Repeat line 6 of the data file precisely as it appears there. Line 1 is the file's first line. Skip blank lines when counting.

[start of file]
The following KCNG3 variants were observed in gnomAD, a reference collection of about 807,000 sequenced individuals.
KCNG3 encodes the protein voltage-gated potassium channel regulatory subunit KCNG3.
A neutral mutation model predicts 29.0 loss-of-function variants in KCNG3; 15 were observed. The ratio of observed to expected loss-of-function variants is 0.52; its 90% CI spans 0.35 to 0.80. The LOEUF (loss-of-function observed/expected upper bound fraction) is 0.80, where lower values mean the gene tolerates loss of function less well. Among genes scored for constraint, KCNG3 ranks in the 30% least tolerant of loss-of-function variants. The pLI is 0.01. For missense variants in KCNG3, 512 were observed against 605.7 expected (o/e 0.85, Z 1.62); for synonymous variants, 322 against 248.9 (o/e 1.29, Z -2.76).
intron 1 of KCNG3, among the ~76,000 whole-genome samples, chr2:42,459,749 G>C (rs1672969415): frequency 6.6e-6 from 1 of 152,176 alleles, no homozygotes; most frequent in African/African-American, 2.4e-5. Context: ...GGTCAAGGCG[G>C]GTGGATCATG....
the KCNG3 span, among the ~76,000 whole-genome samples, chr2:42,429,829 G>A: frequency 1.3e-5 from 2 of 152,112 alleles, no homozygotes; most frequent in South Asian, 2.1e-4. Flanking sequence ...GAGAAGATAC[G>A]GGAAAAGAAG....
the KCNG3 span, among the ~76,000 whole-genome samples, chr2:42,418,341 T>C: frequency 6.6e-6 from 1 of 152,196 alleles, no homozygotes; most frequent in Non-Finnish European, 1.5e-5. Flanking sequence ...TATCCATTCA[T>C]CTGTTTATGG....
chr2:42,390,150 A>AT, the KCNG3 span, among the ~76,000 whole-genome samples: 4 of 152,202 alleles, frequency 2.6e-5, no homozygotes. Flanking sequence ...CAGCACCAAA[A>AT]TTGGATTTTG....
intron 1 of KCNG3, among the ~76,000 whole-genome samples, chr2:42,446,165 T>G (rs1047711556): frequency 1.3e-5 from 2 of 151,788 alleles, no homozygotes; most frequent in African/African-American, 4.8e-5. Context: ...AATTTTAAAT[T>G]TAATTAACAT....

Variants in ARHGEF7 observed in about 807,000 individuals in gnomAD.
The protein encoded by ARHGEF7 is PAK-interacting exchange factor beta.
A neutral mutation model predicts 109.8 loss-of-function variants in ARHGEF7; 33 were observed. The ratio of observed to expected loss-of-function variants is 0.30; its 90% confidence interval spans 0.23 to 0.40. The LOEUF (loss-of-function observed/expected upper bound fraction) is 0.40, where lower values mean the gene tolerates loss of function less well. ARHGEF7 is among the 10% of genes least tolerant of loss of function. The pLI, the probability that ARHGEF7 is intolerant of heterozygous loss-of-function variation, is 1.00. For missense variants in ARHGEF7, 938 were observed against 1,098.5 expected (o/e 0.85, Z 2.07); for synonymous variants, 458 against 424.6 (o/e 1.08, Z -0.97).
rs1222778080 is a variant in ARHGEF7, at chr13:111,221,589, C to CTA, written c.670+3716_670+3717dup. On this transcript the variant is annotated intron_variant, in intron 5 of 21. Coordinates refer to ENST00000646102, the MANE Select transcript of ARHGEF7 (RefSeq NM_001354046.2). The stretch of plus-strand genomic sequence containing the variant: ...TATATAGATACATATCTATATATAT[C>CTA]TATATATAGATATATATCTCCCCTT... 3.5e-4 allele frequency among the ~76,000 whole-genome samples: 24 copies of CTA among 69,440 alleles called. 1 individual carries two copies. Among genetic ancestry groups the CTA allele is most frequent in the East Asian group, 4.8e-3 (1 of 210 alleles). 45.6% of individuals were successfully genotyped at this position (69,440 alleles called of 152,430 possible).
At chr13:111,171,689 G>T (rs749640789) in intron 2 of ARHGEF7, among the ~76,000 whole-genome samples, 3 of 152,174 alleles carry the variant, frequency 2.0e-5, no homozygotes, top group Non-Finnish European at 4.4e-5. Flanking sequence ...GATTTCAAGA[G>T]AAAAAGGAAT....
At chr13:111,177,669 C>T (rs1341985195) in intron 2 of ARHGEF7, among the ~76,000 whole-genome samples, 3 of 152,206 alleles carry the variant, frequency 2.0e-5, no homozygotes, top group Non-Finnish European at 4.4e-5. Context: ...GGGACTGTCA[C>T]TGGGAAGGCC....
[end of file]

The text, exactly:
the KCNG3 span, among the ~76,000 whole-genome samples, chr2:42,418,341 T>C: frequency 6.6e-6 from 1 of 152,196 alleles, no homozygotes; most frequent in Non-Finnish European, 1.5e-5. Flanking sequence ...TATCCATTCA[T>C]CTGTTTATGG....